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Changes to Law Regarding Competency to Stand Trial Will Impact San Antonio and the Rest of Texas Courts Dealing With Defendants With Mental Health Issues

The regular 82nd legislative session ended on May 30, 2011, and the following House Bill will take effect on September 1, 2011. This new law will impact San Antonio’s Mental Health docket and criminal defense attorneys and other court staff alike will need to apply the new rules to Defendant’s suffering from mental health problems. The following summary of the law concerns the Code of Criminal Procedure and the Health and Safety Code. This new law, and all Texas laws, can be located at the Texas Constitution and Statutes website. As with all new laws, the changes made apply only to offenses committed on or after the effective date.

HB 748, Relating to a criminal defendant’s incompetency to stand trial, to certain related time credits, and to the maximum period allowed for restoration of the defendant to competency. Code of Criminal Procedures Articles 42 and 46B are amended. Health and Safety Code Section 574 is also amended.

Standards for determining whether a person is competent to stand trial in either a felony or misdemeanor case are outlined in Article 46B of the Code of Criminal Procedure. HB 748 addresses and clarifies standards and procedures that the court system must follow in regards to individuals who are awaiting a determination of competent or incompetent to stand trial.

The bill addresses the disparity in the current law that limits a judge’s ability to give time credit to a person who is waiting for a competency hearing or waiting in jail for a bed to open up at a mental health treatment facility. HB 748 gives a defendant credit for time served in a jail, mental health facility, and residential care facility if that defendant is found incompetent to stand trial. The bill would also compel a judge to give a convicted person credit on their sentence for the time they have already spent in confinement. The time credit would include when a person was confined in a jail waiting to transfer to a mental health facility, release on bail to enter into an outpatient treatment program, or a trial following any temporary restoration of the defendant’s competency to stand trial.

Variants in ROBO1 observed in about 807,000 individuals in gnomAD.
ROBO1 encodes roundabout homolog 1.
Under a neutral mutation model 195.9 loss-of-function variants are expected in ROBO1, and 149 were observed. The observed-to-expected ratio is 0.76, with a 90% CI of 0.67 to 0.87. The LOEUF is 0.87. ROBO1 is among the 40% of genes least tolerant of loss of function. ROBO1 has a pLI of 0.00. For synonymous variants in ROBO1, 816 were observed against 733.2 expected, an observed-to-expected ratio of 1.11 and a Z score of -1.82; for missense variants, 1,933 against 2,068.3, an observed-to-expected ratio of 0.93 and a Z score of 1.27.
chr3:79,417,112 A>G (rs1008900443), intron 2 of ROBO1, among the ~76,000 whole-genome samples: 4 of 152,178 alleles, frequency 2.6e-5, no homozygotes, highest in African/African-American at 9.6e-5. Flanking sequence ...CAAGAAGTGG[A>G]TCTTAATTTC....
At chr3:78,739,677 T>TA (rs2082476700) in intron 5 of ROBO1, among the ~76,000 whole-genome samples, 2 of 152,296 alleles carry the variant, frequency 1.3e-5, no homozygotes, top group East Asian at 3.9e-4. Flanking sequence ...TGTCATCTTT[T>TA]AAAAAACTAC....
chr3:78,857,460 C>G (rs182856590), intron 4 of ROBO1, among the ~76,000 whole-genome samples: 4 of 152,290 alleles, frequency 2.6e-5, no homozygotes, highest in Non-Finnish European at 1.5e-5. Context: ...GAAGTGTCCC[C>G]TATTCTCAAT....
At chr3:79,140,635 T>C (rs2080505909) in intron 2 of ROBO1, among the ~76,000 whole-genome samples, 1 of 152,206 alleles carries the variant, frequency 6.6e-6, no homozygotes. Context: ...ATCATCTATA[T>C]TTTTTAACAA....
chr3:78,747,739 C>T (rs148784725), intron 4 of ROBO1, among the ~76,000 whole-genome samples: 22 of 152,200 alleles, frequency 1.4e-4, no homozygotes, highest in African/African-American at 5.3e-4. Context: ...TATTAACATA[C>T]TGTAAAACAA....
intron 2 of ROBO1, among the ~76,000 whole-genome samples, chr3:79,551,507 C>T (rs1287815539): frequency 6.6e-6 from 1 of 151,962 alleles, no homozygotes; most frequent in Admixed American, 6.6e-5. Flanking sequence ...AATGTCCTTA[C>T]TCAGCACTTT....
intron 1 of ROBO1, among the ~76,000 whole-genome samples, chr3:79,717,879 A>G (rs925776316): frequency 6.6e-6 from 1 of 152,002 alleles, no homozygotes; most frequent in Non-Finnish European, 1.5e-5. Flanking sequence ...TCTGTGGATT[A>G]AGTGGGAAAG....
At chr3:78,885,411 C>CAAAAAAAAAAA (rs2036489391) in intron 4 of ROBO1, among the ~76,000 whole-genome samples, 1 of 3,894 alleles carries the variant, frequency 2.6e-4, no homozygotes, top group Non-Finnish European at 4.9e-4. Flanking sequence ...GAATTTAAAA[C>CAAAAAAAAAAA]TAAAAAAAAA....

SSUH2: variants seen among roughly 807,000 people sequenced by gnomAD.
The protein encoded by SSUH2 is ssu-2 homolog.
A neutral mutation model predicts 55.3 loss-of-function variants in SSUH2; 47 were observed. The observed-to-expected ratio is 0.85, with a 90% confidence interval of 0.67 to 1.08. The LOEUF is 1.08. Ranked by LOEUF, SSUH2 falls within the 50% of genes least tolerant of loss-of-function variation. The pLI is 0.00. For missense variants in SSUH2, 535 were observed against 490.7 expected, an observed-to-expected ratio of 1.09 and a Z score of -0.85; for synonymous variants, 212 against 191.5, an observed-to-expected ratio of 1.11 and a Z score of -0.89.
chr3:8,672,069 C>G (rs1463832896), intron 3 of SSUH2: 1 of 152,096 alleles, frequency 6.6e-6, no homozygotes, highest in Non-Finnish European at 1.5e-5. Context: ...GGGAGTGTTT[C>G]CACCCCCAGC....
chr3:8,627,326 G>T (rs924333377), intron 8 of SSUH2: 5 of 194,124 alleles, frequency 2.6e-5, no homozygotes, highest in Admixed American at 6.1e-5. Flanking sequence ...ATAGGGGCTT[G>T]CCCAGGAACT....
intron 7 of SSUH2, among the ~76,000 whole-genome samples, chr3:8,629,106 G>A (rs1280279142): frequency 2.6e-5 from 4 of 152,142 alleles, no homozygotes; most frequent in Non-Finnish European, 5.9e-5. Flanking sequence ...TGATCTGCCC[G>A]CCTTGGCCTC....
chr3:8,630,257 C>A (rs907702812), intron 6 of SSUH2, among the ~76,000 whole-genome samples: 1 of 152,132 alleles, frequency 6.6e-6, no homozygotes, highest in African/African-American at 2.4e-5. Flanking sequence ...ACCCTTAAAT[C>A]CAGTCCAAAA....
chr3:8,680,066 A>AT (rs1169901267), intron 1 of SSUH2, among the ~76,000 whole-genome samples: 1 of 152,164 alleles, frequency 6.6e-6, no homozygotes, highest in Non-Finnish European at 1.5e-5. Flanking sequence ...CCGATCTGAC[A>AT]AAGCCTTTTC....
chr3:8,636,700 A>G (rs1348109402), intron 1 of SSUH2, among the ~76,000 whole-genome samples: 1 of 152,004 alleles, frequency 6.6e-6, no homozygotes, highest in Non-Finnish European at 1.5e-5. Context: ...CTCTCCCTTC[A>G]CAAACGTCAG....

At the end of the “maximum restoration period” a mental health facility or outpatient treatment provider would evaluate the person to determine if treatment under the mental health and mental retardation chapters of the Health and Safety Code would be necessary. In addition, instead of reviews every six months for a person who has been ordered to take psychoactive medication until a trial, the bill states that the order would be in effect until whichever comes first: the 180th day after the date the person was returned to the correctional facility; the date the defendant was acquitted, was convicted, or entered a plea of guilty; or the date charges were dismissed.

A person cannot be committed to a treatment facility or participation in an outpatient treatment program for a period of time that exceeds the maximum term possible for the offense. The court will have to dismiss charges if a person, who has been committed to a treatment program, is not tried before the expiration of the maximum period of restoration.

At the Law Office of Dayna L. Jones we believe that every client deserves representation that will assist them during every step of the legal process. Dayna is sensitive to the needs of clients who may face mental health problems. Contact us at (210) 255-8525 to schedule an appointment with a criminal defense attorney. Calls are answered 24 hours a day, 7 days per week.

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